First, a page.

Future physicians learn how to provide culturally humble care for Latinx communities.
Karina Diaz, MD-PhD
When Karina Diaz, MD-PhD ’22, began her medical school journey at the UW School of Medicine, she had no idea what area of medicine she would specialize in or where she would end up practicing. But she knew she wanted to work with Latinx populations, so as soon as possible, she enrolled in the Latinx Health Pathway (LHP) program.
Eight years later, she has graduated with new tools, experiences and a vast network of support to help her deliver culturally humble care in a pediatrics residency program that serves Latinx communities.
Any UW Medicine student can enroll in one or more Pathway Programs while in school. The programs complement the standard medical school curriculum, allowing students to organize their courses, clinical rotations and volunteer opportunities around a particular underserved community, receive mentorship and build community with others who share their interests and passions.
The LHP was one of the first Pathways established in 2008 to help medical students provide culturally humble care for Latinx communities. Daniel Cabrera, MD, MPH, UW Medicine hospitalist at Harborview Medical Center, has directed the pathway since 2016.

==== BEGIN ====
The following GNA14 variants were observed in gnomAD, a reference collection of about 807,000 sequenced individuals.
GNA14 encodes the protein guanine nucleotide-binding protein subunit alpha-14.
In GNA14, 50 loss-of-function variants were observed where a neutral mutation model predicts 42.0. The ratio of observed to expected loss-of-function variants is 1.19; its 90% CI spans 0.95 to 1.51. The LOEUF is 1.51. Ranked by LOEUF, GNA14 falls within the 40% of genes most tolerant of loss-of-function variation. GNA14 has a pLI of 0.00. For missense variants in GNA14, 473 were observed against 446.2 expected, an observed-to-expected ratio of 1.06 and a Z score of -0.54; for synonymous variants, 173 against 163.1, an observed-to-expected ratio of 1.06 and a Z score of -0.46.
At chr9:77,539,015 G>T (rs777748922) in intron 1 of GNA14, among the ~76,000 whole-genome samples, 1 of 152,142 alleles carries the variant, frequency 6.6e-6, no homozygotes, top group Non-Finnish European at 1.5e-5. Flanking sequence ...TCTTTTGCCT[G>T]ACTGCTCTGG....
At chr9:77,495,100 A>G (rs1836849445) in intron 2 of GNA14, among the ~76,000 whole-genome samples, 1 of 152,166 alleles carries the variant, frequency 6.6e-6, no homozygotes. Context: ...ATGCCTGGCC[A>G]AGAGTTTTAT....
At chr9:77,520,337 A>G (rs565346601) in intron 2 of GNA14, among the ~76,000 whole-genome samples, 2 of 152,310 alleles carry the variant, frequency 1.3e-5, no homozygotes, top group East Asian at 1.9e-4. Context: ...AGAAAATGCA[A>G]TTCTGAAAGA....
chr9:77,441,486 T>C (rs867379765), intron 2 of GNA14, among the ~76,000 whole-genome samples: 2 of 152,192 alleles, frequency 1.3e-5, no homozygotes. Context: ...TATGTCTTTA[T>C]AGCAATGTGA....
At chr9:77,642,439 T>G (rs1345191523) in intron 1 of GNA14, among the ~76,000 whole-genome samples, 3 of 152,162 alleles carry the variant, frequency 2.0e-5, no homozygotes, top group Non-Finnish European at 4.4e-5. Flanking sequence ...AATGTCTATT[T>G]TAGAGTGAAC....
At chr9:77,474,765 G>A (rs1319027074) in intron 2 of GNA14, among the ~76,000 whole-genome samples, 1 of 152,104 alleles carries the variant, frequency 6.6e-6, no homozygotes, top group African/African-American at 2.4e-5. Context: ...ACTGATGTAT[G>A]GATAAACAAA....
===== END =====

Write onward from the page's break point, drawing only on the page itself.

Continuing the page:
Cabrera says he’s always been interested in working with Latinx communities, in large part because of his experiences as the son of an undocumented single mother. “When I was growing up, I didn’t have access to a lot of healthcare. There were times when we didn’t have insurance and we had to get care at free clinics. That planted the seed for me. I wanted to provide that kind of care to patients, especially Latinx patients,” he says.
As director of the LHP, Cabrera has assessed what’s working well and what needs improvement. He notes that some issues remain as relevant today as in years past, issues such as access to healthcare, immigration and certain health conditions like diabetes and high blood pressure. However, there were some aspects of the pathway in need of re-imagining. For instance, there needed to be more recognition that the Latinx community is not a monolith.
The Pathways Programs
*The Black Health Justice Pathway
*The Indian Health Pathway
*The Latinx Health Pathway
*The LGBTQ Health Pathway
The Global Health Pathway
The Underserved Pathway
*Administered by the Office of Healthcare Equity.
“We have to remember that there are differences even amongst a population that we call Latinx. We try to unpack that in some of the modules. And we’ve introduced a new module on COVID and how it’s disproportionally affected the Latinx community, not just nationally but here in Washington state,” says Cabrera.
In addition to updating some of the modules, Cabrera is also helping update the clinical experience by adding more clinical sites that serve a significant number of Latinx people. Still more sites are needed to provide students with sufficient opportunities to serve one of the fastest growing communities in the country and throughout the five-state WWAMI region (Washington, Wyoming, Alaska, Montana, Idaho).
Daniel Cabrera, MD, MPH